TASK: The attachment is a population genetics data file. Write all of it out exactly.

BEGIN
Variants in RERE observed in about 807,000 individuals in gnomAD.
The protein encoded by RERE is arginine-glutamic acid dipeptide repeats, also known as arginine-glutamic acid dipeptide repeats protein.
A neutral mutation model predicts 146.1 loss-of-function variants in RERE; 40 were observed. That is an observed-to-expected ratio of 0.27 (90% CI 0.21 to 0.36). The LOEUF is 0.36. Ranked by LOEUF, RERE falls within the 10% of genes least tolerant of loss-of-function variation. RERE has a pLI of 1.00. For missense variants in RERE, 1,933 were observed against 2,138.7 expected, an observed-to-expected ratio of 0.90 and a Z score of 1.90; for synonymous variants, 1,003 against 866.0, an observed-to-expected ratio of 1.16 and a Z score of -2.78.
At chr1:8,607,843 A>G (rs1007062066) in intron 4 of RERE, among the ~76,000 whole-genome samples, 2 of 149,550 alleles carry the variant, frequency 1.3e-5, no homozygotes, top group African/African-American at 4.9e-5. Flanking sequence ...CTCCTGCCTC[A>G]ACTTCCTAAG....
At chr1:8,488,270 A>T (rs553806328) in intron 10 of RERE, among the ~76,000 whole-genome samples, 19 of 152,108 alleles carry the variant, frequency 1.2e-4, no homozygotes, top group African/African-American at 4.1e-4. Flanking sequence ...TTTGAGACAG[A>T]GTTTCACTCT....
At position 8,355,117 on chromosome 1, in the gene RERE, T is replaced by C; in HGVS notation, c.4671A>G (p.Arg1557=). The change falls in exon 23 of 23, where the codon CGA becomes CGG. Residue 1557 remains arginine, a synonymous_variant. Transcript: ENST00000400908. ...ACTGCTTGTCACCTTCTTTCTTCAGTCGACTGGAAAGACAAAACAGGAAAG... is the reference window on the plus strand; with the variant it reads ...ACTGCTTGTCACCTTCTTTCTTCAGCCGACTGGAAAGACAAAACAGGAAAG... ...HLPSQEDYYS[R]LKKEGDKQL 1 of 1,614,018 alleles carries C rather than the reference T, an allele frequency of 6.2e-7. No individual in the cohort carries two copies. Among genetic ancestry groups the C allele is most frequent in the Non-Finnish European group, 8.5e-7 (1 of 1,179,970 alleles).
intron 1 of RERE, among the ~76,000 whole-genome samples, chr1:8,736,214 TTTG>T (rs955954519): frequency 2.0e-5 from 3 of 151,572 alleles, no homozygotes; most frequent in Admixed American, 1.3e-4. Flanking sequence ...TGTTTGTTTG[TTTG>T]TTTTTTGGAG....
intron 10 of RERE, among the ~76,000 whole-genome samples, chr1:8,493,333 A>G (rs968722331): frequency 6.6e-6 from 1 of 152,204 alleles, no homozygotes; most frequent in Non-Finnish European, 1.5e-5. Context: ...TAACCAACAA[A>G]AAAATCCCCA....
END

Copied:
Variants in RERE observed in about 807,000 individuals in gnomAD.
The protein encoded by RERE is arginine-glutamic acid dipeptide repeats, also known as arginine-glutamic acid dipeptide repeats protein.
A neutral mutation model predicts 146.1 loss-of-function variants in RERE; 40 were observed. That is an observed-to-expected ratio of 0.27 (90% CI 0.21 to 0.36). The LOEUF is 0.36. Ranked by LOEUF, RERE falls within the 10% of genes least tolerant of loss-of-function variation. RERE has a pLI of 1.00. For missense variants in RERE, 1,933 were observed against 2,138.7 expected, an observed-to-expected ratio of 0.90 and a Z score of 1.90; for synonymous variants, 1,003 against 866.0, an observed-to-expected ratio of 1.16 and a Z score of -2.78.
At chr1:8,607,843 A>G (rs1007062066) in intron 4 of RERE, among the ~76,000 whole-genome samples, 2 of 149,550 alleles carry the variant, frequency 1.3e-5, no homozygotes, top group African/African-American at 4.9e-5. Flanking sequence ...CTCCTGCCTC[A>G]ACTTCCTAAG....
At chr1:8,488,270 A>T (rs553806328) in intron 10 of RERE, among the ~76,000 whole-genome samples, 19 of 152,108 alleles carry the variant, frequency 1.2e-4, no homozygotes, top group African/African-American at 4.1e-4. Flanking sequence ...TTTGAGACAG[A>T]GTTTCACTCT....
At position 8,355,117 on chromosome 1, in the gene RERE, T is replaced by C; in HGVS notation, c.4671A>G (p.Arg1557=). The change falls in exon 23 of 23, where the codon CGA becomes CGG. Residue 1557 remains arginine, a synonymous_variant. Transcript: ENST00000400908. ...ACTGCTTGTCACCTTCTTTCTTCAGTCGACTGGAAAGACAAAACAGGAAAG... is the reference window on the plus strand; with the variant it reads ...ACTGCTTGTCACCTTCTTTCTTCAGCCGACTGGAAAGACAAAACAGGAAAG... ...HLPSQEDYYS[R]LKKEGDKQL 1 of 1,614,018 alleles carries C rather than the reference T, an allele frequency of 6.2e-7. No individual in the cohort carries two copies. Among genetic ancestry groups the C allele is most frequent in the Non-Finnish European group, 8.5e-7 (1 of 1,179,970 alleles).
intron 1 of RERE, among the ~76,000 whole-genome samples, chr1:8,736,214 TTTG>T (rs955954519): frequency 2.0e-5 from 3 of 151,572 alleles, no homozygotes; most frequent in Admixed American, 1.3e-4. Flanking sequence ...TGTTTGTTTG[TTTG>T]TTTTTTGGAG....
intron 10 of RERE, among the ~76,000 whole-genome samples, chr1:8,493,333 A>G (rs968722331): frequency 6.6e-6 from 1 of 152,204 alleles, no homozygotes; most frequent in Non-Finnish European, 1.5e-5. Context: ...TAACCAACAA[A>G]AAAATCCCCA....